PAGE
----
What Causes a Tree Trunk To Split Vertically in Columbia, MD?

You may have seen a crack running up the length of a tree. You may have even heard a rifle-like sound as a tree splits. But what causes a tree trunk to split vertically?

In this post, a trusted tree service in Columbia, MD, discusses the factors leading to vertical trunk splitting, the consequences of vertical splits, and vertical trunk split prevention techniques.

What Are Vertical Trunk Splits in Trees?

Also known as frost cracks, vertical splits often appear in winter. They are the result of a tree’s inability to handle temperature changes. As the temperature dips below freezing, the outer layers of the wood cool and contract faster than the inner layers, leading to a split in the bark and surface wood.

In summer, you may not notice the cracks. As the temperature warms, the outer layers return to their normal volume, obscuring the split.

What Triggers Vertical Trunk Splitting?

Sudden, extended, or repeated temperature fluctuations can cause vertical tree trunk splitting. Frost cracks are also common when sunny winter days warm the tissue of a tree. The warmer it is, the more the inner wood expands.

Then, as temperatures drop below freezing overnight, the wood cools from the outside. As the outer bark contracts rapidly, it stretches tightly over the still-expanded inner wood. The outer layers can no longer hold together at a certain point, and a vertical split appears.

Can I Prevent Vertical Tree Splits?

Beyond asking, “What causes a tree trunk to split vertically?” you probably also want to know whether you can prevent these vertical splits. While you can’t always control what a tree does only naturally, you can take steps to prevent tree injuries.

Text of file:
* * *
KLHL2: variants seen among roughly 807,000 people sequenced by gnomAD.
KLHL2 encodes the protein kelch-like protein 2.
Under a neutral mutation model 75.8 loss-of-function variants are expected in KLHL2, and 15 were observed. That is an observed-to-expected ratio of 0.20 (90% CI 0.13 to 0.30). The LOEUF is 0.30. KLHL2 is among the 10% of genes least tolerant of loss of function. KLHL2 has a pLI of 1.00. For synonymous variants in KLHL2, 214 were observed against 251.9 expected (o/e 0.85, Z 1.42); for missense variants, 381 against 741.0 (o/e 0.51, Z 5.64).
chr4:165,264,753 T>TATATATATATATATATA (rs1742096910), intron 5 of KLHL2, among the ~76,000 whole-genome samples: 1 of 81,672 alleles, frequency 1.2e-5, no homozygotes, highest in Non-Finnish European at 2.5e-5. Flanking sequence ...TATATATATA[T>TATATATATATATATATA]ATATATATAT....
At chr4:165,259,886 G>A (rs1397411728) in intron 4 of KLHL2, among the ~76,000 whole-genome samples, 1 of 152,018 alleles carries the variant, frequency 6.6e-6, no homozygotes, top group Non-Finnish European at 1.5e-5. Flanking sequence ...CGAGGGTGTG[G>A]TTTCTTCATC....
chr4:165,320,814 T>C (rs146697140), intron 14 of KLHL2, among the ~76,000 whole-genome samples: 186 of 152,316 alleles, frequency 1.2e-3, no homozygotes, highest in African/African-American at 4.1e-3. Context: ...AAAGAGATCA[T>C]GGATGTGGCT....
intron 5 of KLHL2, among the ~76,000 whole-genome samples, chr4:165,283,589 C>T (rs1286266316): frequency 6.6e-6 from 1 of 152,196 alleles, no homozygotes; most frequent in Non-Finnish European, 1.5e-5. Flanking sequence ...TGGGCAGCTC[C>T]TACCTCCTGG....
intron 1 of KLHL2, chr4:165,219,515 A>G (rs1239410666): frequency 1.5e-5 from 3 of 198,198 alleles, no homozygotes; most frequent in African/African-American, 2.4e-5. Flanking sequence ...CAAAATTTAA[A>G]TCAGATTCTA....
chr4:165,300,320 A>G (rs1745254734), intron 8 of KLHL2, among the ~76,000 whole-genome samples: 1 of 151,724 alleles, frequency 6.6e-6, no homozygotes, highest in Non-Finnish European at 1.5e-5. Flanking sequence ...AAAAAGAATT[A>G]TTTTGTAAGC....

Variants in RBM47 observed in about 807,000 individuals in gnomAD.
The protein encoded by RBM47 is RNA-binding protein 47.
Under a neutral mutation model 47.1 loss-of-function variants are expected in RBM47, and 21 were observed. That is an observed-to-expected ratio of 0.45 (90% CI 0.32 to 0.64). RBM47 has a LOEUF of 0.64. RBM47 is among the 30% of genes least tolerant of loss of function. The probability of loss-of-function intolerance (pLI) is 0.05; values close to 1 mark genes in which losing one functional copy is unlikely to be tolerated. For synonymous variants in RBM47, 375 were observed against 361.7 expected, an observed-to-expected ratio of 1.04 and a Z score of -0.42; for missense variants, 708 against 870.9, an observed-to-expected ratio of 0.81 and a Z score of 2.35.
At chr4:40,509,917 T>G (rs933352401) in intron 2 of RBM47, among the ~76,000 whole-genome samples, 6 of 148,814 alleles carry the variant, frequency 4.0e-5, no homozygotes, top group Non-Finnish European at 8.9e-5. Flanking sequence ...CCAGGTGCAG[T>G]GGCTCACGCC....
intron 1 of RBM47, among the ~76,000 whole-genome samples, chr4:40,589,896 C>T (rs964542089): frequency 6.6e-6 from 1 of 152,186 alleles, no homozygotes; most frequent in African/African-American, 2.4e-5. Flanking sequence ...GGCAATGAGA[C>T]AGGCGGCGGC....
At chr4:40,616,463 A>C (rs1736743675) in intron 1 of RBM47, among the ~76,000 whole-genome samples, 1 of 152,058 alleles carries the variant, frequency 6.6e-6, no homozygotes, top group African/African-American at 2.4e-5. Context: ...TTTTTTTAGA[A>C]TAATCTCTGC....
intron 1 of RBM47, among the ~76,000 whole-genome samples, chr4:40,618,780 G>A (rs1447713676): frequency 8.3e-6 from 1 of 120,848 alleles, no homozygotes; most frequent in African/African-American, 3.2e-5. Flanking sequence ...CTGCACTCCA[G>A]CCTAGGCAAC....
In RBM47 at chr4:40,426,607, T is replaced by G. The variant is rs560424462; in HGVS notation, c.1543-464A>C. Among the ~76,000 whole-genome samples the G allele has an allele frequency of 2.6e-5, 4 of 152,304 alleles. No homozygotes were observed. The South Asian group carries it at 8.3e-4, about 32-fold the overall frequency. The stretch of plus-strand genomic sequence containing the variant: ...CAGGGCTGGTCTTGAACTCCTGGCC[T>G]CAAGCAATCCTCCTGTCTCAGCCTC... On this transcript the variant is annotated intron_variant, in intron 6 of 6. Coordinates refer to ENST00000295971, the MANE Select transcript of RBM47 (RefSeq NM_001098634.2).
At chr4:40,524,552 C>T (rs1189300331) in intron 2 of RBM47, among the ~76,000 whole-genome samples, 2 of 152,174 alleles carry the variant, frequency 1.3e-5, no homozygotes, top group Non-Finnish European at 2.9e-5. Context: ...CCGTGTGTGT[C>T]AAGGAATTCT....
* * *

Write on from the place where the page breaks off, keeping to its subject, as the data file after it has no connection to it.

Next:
• Provide insulation: Wrap the tree trunk with a thick cloth, tarp, or burlap to keep it warm in winter. Spreading mulch around the tree in the fall can also help minimize temperature changes in the soil. 
  • Keep your tree healthy: Water your trees during dry spells, add compost to your soil, fertilize in the growing season, and don’t prune without the help of a professional.
  • Plant carefully: Avoid planting trees where they’re exposed to cold winter winds. Planting evergreen shrubs around the trunk can protect the tree from temperature extremes and strong sunlight.

Will a Vertical Crack Kill My Tree?

Fortunately, frost cracks do not necessarily kill a tree. If trees do die after vertical splits, it is not from the cracking itself but because the crack provides an entry point for pests and disease.

Healthy trees are often able to seal off the damaged area after a frost crack. The best thing you can do to help your tree heal is to keep it healthy. Providing adequate water, fertilizing if necessary, and mulching around the tree can help.

Contact Us for All Your Tree Needs

Now that we’ve answered what causes a tree trunk to split vertically, Affordable Tree Services is ready to care for your tree needs in Columbia, MD. Whether you want tips on how to improve tree health or need help dealing with a damaged tree, call us today at (301) 512-5531.

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